Metabolic syndrome and its components as predictors of nonalcoholic fatty liver disease in a northern urban Han Chinese population: A prospective cohort study


      • This large-scale cohort indicates that MetS and its components predict NAFLD risk.
      • Males with MetS or its components have higher NAFLD risk than Females.
      • The more of MetS component number, the greater of NAFLD risk in the future.
      • Patients with obesity or/and hyperlipidemia have a higher NAFLD risk than others.
      • People with MetS/its components should initiate lifestyle changes to prevent NAFLD.



      To explore the longitudinal effect of metabolic syndrome (MetS) and its components on the development of non-alcoholic fatty liver disease (NAFLD) and to evaluate the significance of MetS and its components as early markers of NAFLD risk in a northern urban Han Chinese population.

      Materials and methods

      A total of 15,791 cohort members without NAFLD at baseline were included in the current study between 2005 and 2011. The baseline characteristics of the cohort were compared by MetS status at baseline and NAFLD status after follow-up. Cox proportional hazards models were used to estimate the unadjusted or adjusted hazard ratios (HRs) for development of NAFLD among individuals with MetS compared with individuals without MetS at baseline.


      During 51,652 person-years of follow-up, 3913 (24.78%) new cases of NAFLD occurred between 2005 and 2011. In the unadjusted model, the HR (95% confidence interval [CI]) for NAFLD was 2.51 (2.30, 2.73). After adjusting for gender, age, diet, smoking status, and regular exercise, the HR was 1.94 (1.78, 2.13). Gender differences were observed, with adjusted HRs (95% CIs) of 1.89 (1.71, 2.09) and 1.72 (1.43, 2.07) among males and females, respectively. Compared with individuals without MetS components, the HRs were 1.92 (1.76, 2.09), 2.64 (2.40, 2.90) and 3.51 (3.15, 3.91) for individuals with one, two, or three or more MetS components, respectively. Moreover, participants with obesity or hyperlipidemia had a higher risk of NAFLD than patients with hypertension or hyperglycemia, with HRs of 2.03 (1.83, 2.25) for obesity, 1.94 (1.72, 2.19) for hyperlipidemia, and 3.01 (2.68, 3.37) for these factors in combination.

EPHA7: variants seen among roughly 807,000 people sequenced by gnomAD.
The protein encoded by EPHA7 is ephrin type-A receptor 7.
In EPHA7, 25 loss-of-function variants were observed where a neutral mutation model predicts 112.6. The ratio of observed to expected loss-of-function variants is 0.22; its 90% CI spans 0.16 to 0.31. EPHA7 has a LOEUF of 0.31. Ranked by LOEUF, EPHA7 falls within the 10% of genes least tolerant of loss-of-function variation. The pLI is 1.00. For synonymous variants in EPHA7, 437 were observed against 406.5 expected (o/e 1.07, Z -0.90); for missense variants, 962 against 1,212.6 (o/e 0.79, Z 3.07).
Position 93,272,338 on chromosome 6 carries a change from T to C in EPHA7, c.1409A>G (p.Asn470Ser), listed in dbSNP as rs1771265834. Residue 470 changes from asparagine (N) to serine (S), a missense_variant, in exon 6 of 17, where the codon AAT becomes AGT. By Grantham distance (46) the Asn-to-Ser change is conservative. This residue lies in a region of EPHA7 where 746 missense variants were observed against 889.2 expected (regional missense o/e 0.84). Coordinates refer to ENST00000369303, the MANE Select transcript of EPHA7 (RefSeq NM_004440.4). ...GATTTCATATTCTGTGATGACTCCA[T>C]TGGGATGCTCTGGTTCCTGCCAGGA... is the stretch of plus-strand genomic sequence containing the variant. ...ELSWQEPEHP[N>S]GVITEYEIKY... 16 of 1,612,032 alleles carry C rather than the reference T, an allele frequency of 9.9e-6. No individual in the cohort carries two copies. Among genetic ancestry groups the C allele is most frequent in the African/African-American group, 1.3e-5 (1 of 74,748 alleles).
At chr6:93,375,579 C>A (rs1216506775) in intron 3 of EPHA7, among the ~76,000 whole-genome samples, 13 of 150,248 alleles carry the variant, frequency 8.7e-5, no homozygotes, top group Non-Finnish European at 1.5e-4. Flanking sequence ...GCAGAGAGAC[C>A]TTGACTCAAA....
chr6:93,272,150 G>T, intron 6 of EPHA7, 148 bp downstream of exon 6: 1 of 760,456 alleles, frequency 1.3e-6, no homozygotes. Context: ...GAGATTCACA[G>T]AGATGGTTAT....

The present study indicates that MetS and its components independently predict the risk of NAFLD in a northern urban Han Chinese population and suggests that people with MetS or its component should initiate lifestyle changes to prevent the development of NAFLD.


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